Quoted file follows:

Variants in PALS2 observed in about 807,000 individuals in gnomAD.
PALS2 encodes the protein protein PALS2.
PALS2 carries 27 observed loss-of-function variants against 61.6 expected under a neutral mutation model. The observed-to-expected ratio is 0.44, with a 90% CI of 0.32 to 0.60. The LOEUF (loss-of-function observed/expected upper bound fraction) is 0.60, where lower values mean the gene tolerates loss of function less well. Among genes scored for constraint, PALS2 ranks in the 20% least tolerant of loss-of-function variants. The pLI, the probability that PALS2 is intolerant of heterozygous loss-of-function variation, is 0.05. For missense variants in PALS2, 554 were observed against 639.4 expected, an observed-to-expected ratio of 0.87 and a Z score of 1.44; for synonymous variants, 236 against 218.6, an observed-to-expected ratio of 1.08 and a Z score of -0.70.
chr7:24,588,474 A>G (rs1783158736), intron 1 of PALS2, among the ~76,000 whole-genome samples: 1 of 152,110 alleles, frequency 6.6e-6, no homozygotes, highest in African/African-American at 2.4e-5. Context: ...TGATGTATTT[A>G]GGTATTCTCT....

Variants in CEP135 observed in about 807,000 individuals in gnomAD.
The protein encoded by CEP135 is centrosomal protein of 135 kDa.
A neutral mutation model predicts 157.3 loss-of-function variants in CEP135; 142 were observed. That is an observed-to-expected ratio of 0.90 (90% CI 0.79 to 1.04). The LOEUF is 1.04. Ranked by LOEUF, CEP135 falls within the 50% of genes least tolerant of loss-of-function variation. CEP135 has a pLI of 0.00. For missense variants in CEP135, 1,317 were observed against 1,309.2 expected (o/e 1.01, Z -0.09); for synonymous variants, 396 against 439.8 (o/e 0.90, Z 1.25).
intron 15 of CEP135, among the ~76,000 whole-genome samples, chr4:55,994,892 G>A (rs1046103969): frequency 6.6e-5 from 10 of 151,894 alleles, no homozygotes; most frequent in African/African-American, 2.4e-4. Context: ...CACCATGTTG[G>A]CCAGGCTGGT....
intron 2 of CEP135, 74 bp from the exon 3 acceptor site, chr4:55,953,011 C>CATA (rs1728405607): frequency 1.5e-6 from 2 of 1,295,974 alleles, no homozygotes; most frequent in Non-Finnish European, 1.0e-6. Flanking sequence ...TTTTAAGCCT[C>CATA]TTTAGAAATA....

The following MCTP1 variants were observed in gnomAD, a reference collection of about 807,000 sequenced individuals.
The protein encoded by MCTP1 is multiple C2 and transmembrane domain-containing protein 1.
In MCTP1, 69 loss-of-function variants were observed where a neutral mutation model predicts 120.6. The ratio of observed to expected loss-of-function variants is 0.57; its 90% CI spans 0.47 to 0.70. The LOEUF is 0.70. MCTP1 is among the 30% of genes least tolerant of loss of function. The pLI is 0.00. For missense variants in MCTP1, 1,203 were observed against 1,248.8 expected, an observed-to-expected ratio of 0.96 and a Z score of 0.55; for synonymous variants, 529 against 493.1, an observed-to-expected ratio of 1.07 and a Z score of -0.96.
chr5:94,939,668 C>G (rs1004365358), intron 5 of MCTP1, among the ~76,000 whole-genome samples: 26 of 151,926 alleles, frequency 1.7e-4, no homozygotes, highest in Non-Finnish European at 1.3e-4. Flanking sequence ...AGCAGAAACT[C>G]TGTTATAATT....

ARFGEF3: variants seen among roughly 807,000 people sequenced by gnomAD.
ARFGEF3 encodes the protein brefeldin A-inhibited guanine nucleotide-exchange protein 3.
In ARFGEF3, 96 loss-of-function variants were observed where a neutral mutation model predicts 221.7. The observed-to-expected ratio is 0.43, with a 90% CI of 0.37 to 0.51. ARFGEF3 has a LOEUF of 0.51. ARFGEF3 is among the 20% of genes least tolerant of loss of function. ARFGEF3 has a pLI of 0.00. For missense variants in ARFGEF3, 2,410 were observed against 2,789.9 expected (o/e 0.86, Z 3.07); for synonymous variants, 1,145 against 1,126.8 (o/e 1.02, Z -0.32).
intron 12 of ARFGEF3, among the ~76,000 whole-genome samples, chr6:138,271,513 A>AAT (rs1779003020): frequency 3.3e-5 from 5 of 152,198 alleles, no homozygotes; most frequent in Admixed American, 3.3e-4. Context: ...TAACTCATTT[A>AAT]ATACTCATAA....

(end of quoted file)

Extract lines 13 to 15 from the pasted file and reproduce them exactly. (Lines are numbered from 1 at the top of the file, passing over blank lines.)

chr5:94,939,668 C>G (rs1004365358), intron 5 of MCTP1, among the ~76,000 whole-genome samples: 26 of 151,926 alleles, frequency 1.7e-4, no homozygotes, highest in Non-Finnish European at 1.3e-4. Flanking sequence ...AGCAGAAACT[C>G]TGTTATAATT....

ARFGEF3: variants seen among roughly 807,000 people sequenced by gnomAD.
ARFGEF3 encodes the protein brefeldin A-inhibited guanine nucleotide-exchange protein 3.